From movie theaters to concert halls, one thing that's been commonly frowned on worse than offering audible commentary from an audience seat is using a smartphone during a performance. But for one theater in Rhode Island, the Providence Performing Arts Center (PPAC), the art of social networking during a performance is making something of a comeback as the facility recently began offering a set of seats in the back for those users who want access to Twitter during a show.
Dubbed the "tweet seats," the seats are available for those who want to live-tweet a performance, offering up their immediate impressions on set design, music, costuming, or anything else that the tweet seat occupants dub noteworthy. Those taking a "tweet seat" and actively tweeting during the performance get their tickets at no charge, almost like a reviewer's premium. The seats are becoming a staple at a growing number of theaters from Broadway to off-Broadway and beyond, but it's not coming without a few sour notes of good old fashioned controversy.
The "tweet seats" are a response from the theaters themselves, actively trying to draw a connection between the rise of social media and the long-standing theater tradition as a potential way to draw interest back to what some see as a declining art form. There are those, naturally, who believe that any use of electronic devices in a theater is a bad idea; the distraction to players and patrons, the unexpected bursts of light and sound can damage not only the show, but the entire experience. But at the same time, the sheer explosive growth of the technology means that, if the generation using it isn't sufficiently engaged, they may well throw over the theater entirely and stick to more tweet-friendly locales, including the rising home theater. That could mean disaster for the long-term health of musicals and concert halls.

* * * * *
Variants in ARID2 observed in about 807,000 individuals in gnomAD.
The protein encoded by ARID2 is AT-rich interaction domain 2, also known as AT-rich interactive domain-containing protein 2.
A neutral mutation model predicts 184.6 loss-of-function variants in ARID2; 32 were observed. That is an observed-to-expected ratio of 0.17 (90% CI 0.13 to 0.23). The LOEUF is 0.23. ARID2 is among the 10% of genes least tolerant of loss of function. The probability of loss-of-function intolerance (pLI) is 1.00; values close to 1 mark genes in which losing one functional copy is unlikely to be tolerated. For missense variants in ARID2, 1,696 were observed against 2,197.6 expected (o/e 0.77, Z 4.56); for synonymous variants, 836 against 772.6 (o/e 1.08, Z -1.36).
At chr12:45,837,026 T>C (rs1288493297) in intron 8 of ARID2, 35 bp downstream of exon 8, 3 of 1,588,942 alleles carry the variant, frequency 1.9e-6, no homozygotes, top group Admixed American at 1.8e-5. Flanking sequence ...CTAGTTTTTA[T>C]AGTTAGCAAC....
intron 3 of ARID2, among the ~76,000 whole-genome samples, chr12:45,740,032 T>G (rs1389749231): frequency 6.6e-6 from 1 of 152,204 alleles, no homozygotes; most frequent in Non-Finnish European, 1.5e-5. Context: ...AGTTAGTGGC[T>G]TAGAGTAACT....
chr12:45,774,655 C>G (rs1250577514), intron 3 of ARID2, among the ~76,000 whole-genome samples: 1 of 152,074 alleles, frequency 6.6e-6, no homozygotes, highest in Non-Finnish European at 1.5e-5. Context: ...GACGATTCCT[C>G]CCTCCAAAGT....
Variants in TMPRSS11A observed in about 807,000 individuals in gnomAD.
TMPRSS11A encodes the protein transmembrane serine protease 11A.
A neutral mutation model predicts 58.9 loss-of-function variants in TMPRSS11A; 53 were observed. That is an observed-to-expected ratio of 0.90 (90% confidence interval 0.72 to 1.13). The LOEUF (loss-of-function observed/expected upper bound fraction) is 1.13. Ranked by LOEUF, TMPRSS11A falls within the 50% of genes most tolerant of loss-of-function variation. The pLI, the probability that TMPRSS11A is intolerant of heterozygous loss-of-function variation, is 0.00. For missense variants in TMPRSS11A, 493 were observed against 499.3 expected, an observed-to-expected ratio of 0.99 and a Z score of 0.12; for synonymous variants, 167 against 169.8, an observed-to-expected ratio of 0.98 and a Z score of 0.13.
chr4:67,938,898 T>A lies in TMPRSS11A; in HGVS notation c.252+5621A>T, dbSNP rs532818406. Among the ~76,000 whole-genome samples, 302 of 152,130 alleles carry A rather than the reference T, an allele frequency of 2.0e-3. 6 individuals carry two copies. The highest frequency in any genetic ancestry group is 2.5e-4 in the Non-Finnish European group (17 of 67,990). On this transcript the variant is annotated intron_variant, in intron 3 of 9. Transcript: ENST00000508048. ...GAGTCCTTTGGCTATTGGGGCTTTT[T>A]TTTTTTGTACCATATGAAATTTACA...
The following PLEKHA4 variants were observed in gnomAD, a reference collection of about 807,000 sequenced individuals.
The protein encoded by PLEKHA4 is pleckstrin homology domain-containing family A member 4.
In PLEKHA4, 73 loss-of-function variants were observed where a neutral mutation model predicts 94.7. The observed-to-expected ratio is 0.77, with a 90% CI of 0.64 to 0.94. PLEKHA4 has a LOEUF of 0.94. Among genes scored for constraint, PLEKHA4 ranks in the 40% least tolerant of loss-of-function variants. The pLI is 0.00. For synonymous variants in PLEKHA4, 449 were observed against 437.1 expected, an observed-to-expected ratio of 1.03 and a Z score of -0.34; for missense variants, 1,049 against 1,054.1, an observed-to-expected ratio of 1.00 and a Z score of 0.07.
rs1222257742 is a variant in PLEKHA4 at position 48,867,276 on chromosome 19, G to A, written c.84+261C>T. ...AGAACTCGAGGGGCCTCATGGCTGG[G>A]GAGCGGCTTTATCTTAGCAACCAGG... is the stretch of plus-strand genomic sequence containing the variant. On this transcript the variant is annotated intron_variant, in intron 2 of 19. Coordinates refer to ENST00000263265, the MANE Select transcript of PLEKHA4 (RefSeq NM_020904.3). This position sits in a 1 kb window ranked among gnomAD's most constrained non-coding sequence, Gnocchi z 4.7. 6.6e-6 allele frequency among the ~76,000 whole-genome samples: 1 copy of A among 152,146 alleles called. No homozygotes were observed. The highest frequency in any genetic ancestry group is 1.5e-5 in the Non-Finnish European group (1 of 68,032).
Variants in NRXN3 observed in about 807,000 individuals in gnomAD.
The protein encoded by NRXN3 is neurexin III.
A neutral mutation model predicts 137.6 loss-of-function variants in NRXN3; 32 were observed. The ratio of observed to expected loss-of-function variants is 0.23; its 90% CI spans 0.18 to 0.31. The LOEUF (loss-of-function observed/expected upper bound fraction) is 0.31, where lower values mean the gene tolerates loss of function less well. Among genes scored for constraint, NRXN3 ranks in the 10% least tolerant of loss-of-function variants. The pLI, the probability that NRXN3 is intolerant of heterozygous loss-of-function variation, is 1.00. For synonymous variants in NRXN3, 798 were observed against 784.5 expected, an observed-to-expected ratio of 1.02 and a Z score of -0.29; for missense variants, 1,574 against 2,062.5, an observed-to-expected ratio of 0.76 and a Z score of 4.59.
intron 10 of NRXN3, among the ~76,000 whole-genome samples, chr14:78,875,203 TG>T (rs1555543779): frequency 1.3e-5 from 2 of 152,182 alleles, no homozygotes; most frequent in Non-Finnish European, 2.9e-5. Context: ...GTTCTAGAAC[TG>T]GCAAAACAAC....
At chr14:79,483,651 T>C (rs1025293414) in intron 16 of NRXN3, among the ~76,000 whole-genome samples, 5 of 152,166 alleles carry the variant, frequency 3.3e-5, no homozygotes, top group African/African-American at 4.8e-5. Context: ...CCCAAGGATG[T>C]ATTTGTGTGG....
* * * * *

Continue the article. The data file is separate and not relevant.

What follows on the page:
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The PPAC even took it a step farther, offering up the ability for cast members backstage to do some tweeting as well. Though it's too early for such theaters to make judgments as to whether or not social media use is driving new patrons into seats or old patrons out of theirs, it's clear they're going to at least give it some time. The PPAC plans to run the "tweet seat" program through the end of the year, and others, like the Huntington Theater in Boston, are working on a similar program they call a "Twittermission" in which intermission gets a bit jazzed up with a social media edge.
Naturally, there are concerns. Some forms of theater, like musicals, can get sufficiently loud and brassy that no one would notice somebody tweeting away in the back. Doing this during a performance of "The Cherry Orchard" might not go so well. Theaters may do well to respond to these concerns; while the special seating is a good idea, perhaps some further restructuring would help. Balcony seating, for example, is likely to keep the light and sound of social media well out of the audience's main line of sight and keep it from interfering with the actors.
But the concerned theaters raise a good point: social media isn't going away, neither are mobile devices. To ignore it--worse, to ostracize it--is likely to put theaters on an adversarial footing with a new generation of theater-goers. That's not a recipe for long-term viability, and it's good to see the theaters are taking this new development seriously. Hopefully, it will prove successful in the long run; losing an art form is never a good thing.
Edited by Brooke Neuman